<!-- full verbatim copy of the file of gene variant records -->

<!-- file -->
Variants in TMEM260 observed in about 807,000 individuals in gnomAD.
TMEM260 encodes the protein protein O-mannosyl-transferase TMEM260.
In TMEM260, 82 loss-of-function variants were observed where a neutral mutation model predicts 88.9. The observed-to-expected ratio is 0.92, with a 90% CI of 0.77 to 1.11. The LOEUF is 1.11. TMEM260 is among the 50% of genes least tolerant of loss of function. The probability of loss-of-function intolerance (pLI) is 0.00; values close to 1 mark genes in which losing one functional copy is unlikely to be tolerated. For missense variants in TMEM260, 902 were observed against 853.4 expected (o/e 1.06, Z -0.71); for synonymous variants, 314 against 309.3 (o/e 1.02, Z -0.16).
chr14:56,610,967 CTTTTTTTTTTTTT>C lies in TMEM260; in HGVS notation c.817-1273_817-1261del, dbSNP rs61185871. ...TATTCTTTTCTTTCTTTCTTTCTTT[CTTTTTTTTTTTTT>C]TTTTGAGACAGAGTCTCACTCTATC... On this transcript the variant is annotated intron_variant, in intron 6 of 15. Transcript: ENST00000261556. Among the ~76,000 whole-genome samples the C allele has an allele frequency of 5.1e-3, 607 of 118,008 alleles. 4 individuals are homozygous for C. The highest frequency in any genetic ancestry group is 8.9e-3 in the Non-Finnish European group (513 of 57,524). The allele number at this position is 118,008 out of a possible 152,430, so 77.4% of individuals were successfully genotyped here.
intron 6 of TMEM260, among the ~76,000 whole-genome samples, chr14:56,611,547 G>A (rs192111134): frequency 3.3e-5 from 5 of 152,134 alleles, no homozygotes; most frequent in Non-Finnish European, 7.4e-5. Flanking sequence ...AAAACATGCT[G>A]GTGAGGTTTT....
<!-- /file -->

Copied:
Variants in TMEM260 observed in about 807,000 individuals in gnomAD.
TMEM260 encodes the protein protein O-mannosyl-transferase TMEM260.
In TMEM260, 82 loss-of-function variants were observed where a neutral mutation model predicts 88.9. The observed-to-expected ratio is 0.92, with a 90% CI of 0.77 to 1.11. The LOEUF is 1.11. TMEM260 is among the 50% of genes least tolerant of loss of function. The probability of loss-of-function intolerance (pLI) is 0.00; values close to 1 mark genes in which losing one functional copy is unlikely to be tolerated. For missense variants in TMEM260, 902 were observed against 853.4 expected (o/e 1.06, Z -0.71); for synonymous variants, 314 against 309.3 (o/e 1.02, Z -0.16).
chr14:56,610,967 CTTTTTTTTTTTTT>C lies in TMEM260; in HGVS notation c.817-1273_817-1261del, dbSNP rs61185871. ...TATTCTTTTCTTTCTTTCTTTCTTT[CTTTTTTTTTTTTT>C]TTTTGAGACAGAGTCTCACTCTATC... On this transcript the variant is annotated intron_variant, in intron 6 of 15. Transcript: ENST00000261556. Among the ~76,000 whole-genome samples the C allele has an allele frequency of 5.1e-3, 607 of 118,008 alleles. 4 individuals are homozygous for C. The highest frequency in any genetic ancestry group is 8.9e-3 in the Non-Finnish European group (513 of 57,524). The allele number at this position is 118,008 out of a possible 152,430, so 77.4% of individuals were successfully genotyped here.
intron 6 of TMEM260, among the ~76,000 whole-genome samples, chr14:56,611,547 G>A (rs192111134): frequency 3.3e-5 from 5 of 152,134 alleles, no homozygotes; most frequent in Non-Finnish European, 7.4e-5. Flanking sequence ...AAAACATGCT[G>A]GTGAGGTTTT....